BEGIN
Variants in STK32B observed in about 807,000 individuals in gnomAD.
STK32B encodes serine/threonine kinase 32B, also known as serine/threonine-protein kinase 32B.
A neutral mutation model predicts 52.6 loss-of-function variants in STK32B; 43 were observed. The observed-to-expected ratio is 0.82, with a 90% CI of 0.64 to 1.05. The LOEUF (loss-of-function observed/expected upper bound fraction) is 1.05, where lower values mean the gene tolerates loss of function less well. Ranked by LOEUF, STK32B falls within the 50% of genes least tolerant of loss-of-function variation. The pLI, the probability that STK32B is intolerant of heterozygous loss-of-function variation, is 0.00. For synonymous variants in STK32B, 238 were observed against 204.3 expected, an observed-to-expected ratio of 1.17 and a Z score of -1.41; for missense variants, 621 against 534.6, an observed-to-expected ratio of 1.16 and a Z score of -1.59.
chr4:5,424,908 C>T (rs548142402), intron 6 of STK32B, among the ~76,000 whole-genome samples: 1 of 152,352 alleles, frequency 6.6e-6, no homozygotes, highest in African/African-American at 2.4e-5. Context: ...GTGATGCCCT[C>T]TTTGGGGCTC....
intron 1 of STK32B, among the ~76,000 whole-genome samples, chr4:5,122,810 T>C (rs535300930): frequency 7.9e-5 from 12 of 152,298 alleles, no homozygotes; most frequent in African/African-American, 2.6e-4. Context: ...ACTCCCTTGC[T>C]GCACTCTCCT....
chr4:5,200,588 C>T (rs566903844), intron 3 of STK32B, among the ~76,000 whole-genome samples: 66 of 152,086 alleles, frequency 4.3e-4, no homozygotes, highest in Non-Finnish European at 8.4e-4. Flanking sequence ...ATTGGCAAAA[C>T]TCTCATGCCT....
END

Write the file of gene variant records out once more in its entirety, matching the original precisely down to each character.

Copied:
Variants in STK32B observed in about 807,000 individuals in gnomAD.
STK32B encodes serine/threonine kinase 32B, also known as serine/threonine-protein kinase 32B.
A neutral mutation model predicts 52.6 loss-of-function variants in STK32B; 43 were observed. The observed-to-expected ratio is 0.82, with a 90% CI of 0.64 to 1.05. The LOEUF (loss-of-function observed/expected upper bound fraction) is 1.05, where lower values mean the gene tolerates loss of function less well. Ranked by LOEUF, STK32B falls within the 50% of genes least tolerant of loss-of-function variation. The pLI, the probability that STK32B is intolerant of heterozygous loss-of-function variation, is 0.00. For synonymous variants in STK32B, 238 were observed against 204.3 expected, an observed-to-expected ratio of 1.17 and a Z score of -1.41; for missense variants, 621 against 534.6, an observed-to-expected ratio of 1.16 and a Z score of -1.59.
chr4:5,424,908 C>T (rs548142402), intron 6 of STK32B, among the ~76,000 whole-genome samples: 1 of 152,352 alleles, frequency 6.6e-6, no homozygotes, highest in African/African-American at 2.4e-5. Context: ...GTGATGCCCT[C>T]TTTGGGGCTC....
intron 1 of STK32B, among the ~76,000 whole-genome samples, chr4:5,122,810 T>C (rs535300930): frequency 7.9e-5 from 12 of 152,298 alleles, no homozygotes; most frequent in African/African-American, 2.6e-4. Context: ...ACTCCCTTGC[T>C]GCACTCTCCT....
chr4:5,200,588 C>T (rs566903844), intron 3 of STK32B, among the ~76,000 whole-genome samples: 66 of 152,086 alleles, frequency 4.3e-4, no homozygotes, highest in Non-Finnish European at 8.4e-4. Flanking sequence ...ATTGGCAAAA[C>T]TCTCATGCCT....